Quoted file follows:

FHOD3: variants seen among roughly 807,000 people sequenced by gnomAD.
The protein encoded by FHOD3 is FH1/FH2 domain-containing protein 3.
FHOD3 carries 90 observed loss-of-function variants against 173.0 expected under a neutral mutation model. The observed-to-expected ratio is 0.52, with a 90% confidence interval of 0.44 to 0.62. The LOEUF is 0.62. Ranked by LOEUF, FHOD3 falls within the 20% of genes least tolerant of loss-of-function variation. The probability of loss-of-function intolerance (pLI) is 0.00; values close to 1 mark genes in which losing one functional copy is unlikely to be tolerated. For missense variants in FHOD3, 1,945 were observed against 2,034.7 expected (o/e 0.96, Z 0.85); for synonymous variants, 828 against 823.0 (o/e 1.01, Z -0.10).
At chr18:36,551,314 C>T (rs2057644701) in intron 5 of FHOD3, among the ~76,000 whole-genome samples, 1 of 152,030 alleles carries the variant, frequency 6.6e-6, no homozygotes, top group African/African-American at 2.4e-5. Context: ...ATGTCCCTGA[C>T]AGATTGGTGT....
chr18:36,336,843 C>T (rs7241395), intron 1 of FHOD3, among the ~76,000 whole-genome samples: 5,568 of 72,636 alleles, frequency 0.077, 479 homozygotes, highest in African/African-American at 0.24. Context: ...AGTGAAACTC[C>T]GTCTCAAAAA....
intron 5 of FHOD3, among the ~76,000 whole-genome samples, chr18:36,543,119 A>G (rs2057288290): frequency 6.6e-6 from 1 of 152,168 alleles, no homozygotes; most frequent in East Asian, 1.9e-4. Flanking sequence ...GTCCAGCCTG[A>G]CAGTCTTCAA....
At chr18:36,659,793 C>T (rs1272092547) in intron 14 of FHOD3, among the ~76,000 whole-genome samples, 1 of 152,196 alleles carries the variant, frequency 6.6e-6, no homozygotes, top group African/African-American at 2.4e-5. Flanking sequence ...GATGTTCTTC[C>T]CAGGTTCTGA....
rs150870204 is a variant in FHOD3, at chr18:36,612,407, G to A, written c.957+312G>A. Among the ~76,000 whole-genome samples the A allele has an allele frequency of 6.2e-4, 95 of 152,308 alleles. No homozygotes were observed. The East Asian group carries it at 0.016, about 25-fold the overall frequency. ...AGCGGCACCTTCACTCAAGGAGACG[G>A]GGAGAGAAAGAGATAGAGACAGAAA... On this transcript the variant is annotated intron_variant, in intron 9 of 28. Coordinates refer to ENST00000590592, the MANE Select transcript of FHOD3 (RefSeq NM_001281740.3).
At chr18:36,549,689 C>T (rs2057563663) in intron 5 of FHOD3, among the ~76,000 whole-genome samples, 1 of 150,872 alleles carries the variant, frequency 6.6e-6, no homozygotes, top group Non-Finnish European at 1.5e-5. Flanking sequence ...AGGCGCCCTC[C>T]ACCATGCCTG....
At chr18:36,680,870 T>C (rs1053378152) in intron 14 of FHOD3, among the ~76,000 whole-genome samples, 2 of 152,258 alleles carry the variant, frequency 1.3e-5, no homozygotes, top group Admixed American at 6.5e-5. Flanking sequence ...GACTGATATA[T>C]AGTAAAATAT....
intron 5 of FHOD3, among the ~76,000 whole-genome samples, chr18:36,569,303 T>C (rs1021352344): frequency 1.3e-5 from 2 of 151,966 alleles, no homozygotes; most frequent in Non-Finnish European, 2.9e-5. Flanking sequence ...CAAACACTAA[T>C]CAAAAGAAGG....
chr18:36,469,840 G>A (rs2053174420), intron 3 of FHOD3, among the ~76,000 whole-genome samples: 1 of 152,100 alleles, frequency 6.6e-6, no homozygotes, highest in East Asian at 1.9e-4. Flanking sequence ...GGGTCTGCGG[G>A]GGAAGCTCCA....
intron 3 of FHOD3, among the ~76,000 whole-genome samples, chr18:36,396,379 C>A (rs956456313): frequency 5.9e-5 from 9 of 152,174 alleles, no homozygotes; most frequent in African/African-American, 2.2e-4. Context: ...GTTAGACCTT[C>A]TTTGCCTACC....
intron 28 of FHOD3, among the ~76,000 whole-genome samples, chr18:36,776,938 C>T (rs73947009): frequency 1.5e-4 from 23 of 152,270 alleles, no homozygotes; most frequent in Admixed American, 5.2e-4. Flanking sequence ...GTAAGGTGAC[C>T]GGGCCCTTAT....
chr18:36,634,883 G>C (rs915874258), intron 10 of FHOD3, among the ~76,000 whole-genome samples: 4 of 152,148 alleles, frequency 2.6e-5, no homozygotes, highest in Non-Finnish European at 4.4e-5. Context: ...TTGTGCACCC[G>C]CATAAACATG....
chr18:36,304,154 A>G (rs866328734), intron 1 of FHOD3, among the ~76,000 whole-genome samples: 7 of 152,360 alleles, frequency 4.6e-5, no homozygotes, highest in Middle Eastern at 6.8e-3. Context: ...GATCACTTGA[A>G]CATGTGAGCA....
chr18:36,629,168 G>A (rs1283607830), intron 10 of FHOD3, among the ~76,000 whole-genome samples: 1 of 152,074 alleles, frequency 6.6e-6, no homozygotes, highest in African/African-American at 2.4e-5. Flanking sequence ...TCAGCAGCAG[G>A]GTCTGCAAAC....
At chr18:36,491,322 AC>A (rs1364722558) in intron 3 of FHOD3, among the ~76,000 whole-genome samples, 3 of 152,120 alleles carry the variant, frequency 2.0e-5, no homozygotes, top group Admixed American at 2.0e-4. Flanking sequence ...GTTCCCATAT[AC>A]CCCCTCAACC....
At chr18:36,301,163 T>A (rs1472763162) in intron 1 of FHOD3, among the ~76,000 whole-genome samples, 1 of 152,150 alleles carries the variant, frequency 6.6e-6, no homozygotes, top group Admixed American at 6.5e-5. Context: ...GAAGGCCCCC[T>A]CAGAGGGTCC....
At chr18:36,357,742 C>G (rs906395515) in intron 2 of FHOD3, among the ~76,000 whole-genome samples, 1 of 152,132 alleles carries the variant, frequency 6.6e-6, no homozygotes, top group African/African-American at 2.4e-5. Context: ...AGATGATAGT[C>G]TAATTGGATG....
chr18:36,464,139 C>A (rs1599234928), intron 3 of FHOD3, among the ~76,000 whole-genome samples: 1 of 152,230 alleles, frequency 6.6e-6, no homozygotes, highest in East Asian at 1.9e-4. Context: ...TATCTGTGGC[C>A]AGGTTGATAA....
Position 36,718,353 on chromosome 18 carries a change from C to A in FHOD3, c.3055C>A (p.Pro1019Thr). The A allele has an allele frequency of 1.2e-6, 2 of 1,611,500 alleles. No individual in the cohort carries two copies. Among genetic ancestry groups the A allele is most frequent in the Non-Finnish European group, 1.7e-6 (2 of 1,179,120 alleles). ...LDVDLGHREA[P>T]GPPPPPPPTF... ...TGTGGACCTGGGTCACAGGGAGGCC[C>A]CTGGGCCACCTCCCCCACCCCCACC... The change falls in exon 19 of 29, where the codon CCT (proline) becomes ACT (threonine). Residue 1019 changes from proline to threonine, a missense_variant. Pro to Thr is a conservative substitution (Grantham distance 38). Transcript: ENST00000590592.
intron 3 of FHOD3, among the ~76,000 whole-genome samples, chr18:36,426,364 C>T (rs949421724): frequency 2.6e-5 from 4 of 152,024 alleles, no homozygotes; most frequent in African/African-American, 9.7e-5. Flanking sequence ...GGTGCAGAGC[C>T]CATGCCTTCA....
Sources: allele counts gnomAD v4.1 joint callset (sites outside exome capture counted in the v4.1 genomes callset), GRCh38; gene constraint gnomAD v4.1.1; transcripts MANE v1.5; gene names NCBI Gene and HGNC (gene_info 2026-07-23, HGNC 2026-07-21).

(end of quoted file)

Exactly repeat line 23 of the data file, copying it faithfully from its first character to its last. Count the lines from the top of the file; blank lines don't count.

intron 3 of FHOD3, among the ~76,000 whole-genome samples, chr18:36,426,364 C>T (rs949421724): frequency 2.6e-5 from 4 of 152,024 alleles, no homozygotes; most frequent in African/African-American, 9.7e-5. Flanking sequence ...GGTGCAGAGC[C>T]CATGCCTTCA....